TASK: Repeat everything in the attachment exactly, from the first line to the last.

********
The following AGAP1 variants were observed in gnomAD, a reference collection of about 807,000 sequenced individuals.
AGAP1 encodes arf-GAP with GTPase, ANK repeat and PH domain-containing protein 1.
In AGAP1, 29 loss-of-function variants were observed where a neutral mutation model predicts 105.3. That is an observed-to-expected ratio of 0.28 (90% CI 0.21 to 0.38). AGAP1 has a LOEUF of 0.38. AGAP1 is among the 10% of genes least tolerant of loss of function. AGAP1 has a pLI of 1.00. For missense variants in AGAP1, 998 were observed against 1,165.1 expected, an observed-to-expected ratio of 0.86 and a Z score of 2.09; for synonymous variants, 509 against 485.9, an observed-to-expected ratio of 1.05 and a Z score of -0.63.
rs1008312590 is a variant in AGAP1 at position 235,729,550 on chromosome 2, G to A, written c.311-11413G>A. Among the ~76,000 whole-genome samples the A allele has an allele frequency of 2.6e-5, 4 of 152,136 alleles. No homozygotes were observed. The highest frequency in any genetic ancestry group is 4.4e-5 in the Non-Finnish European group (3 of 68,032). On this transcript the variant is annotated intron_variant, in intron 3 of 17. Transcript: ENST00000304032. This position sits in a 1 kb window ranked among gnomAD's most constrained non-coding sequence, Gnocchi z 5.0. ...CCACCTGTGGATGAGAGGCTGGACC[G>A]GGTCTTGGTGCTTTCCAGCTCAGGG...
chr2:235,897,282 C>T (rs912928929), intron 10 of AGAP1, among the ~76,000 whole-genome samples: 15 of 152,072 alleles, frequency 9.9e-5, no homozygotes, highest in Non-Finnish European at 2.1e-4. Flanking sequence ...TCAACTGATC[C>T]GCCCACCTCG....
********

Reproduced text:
The following AGAP1 variants were observed in gnomAD, a reference collection of about 807,000 sequenced individuals.
AGAP1 encodes arf-GAP with GTPase, ANK repeat and PH domain-containing protein 1.
In AGAP1, 29 loss-of-function variants were observed where a neutral mutation model predicts 105.3. That is an observed-to-expected ratio of 0.28 (90% CI 0.21 to 0.38). AGAP1 has a LOEUF of 0.38. AGAP1 is among the 10% of genes least tolerant of loss of function. AGAP1 has a pLI of 1.00. For missense variants in AGAP1, 998 were observed against 1,165.1 expected, an observed-to-expected ratio of 0.86 and a Z score of 2.09; for synonymous variants, 509 against 485.9, an observed-to-expected ratio of 1.05 and a Z score of -0.63.
rs1008312590 is a variant in AGAP1 at position 235,729,550 on chromosome 2, G to A, written c.311-11413G>A. Among the ~76,000 whole-genome samples the A allele has an allele frequency of 2.6e-5, 4 of 152,136 alleles. No homozygotes were observed. The highest frequency in any genetic ancestry group is 4.4e-5 in the Non-Finnish European group (3 of 68,032). On this transcript the variant is annotated intron_variant, in intron 3 of 17. Transcript: ENST00000304032. This position sits in a 1 kb window ranked among gnomAD's most constrained non-coding sequence, Gnocchi z 5.0. ...CCACCTGTGGATGAGAGGCTGGACC[G>A]GGTCTTGGTGCTTTCCAGCTCAGGG...
chr2:235,897,282 C>T (rs912928929), intron 10 of AGAP1, among the ~76,000 whole-genome samples: 15 of 152,072 alleles, frequency 9.9e-5, no homozygotes, highest in Non-Finnish European at 2.1e-4. Flanking sequence ...TCAACTGATC[C>T]GCCCACCTCG....